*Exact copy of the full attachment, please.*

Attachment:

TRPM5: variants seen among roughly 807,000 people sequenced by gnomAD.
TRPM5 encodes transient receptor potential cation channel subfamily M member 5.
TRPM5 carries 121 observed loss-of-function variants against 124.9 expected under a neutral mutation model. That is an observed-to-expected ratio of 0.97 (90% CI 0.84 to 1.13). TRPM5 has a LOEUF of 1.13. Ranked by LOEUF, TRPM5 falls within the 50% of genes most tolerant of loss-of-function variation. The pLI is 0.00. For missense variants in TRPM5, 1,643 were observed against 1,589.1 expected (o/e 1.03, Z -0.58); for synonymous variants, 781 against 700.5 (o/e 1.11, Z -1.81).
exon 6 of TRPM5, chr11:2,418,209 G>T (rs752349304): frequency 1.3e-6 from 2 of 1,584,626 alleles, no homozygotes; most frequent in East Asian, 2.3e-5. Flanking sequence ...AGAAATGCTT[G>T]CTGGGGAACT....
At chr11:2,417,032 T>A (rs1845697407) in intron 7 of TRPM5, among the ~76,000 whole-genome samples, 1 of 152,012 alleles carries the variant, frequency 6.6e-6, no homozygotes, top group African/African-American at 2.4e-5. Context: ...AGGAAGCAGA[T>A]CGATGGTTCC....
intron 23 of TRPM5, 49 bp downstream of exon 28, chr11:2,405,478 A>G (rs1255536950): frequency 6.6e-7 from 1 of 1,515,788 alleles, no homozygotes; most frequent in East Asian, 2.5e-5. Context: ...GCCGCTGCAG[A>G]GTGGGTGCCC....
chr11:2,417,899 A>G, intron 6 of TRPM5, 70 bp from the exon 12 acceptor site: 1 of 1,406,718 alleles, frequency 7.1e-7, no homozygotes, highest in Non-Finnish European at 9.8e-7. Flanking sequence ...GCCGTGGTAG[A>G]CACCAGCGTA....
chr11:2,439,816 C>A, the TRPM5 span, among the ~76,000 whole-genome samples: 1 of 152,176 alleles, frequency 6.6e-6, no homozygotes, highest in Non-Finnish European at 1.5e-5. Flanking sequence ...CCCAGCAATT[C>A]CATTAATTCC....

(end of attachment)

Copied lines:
TRPM5: variants seen among roughly 807,000 people sequenced by gnomAD.
TRPM5 encodes transient receptor potential cation channel subfamily M member 5.
TRPM5 carries 121 observed loss-of-function variants against 124.9 expected under a neutral mutation model. That is an observed-to-expected ratio of 0.97 (90% CI 0.84 to 1.13). TRPM5 has a LOEUF of 1.13. Ranked by LOEUF, TRPM5 falls within the 50% of genes most tolerant of loss-of-function variation. The pLI is 0.00. For missense variants in TRPM5, 1,643 were observed against 1,589.1 expected (o/e 1.03, Z -0.58); for synonymous variants, 781 against 700.5 (o/e 1.11, Z -1.81).
exon 6 of TRPM5, chr11:2,418,209 G>T (rs752349304): frequency 1.3e-6 from 2 of 1,584,626 alleles, no homozygotes; most frequent in East Asian, 2.3e-5. Flanking sequence ...AGAAATGCTT[G>T]CTGGGGAACT....
At chr11:2,417,032 T>A (rs1845697407) in intron 7 of TRPM5, among the ~76,000 whole-genome samples, 1 of 152,012 alleles carries the variant, frequency 6.6e-6, no homozygotes, top group African/African-American at 2.4e-5. Context: ...AGGAAGCAGA[T>A]CGATGGTTCC....
intron 23 of TRPM5, 49 bp downstream of exon 28, chr11:2,405,478 A>G (rs1255536950): frequency 6.6e-7 from 1 of 1,515,788 alleles, no homozygotes; most frequent in East Asian, 2.5e-5. Context: ...GCCGCTGCAG[A>G]GTGGGTGCCC....
chr11:2,417,899 A>G, intron 6 of TRPM5, 70 bp from the exon 12 acceptor site: 1 of 1,406,718 alleles, frequency 7.1e-7, no homozygotes, highest in Non-Finnish European at 9.8e-7. Flanking sequence ...GCCGTGGTAG[A>G]CACCAGCGTA....
chr11:2,439,816 C>A, the TRPM5 span, among the ~76,000 whole-genome samples: 1 of 152,176 alleles, frequency 6.6e-6, no homozygotes, highest in Non-Finnish European at 1.5e-5. Flanking sequence ...CCCAGCAATT[C>A]CATTAATTCC....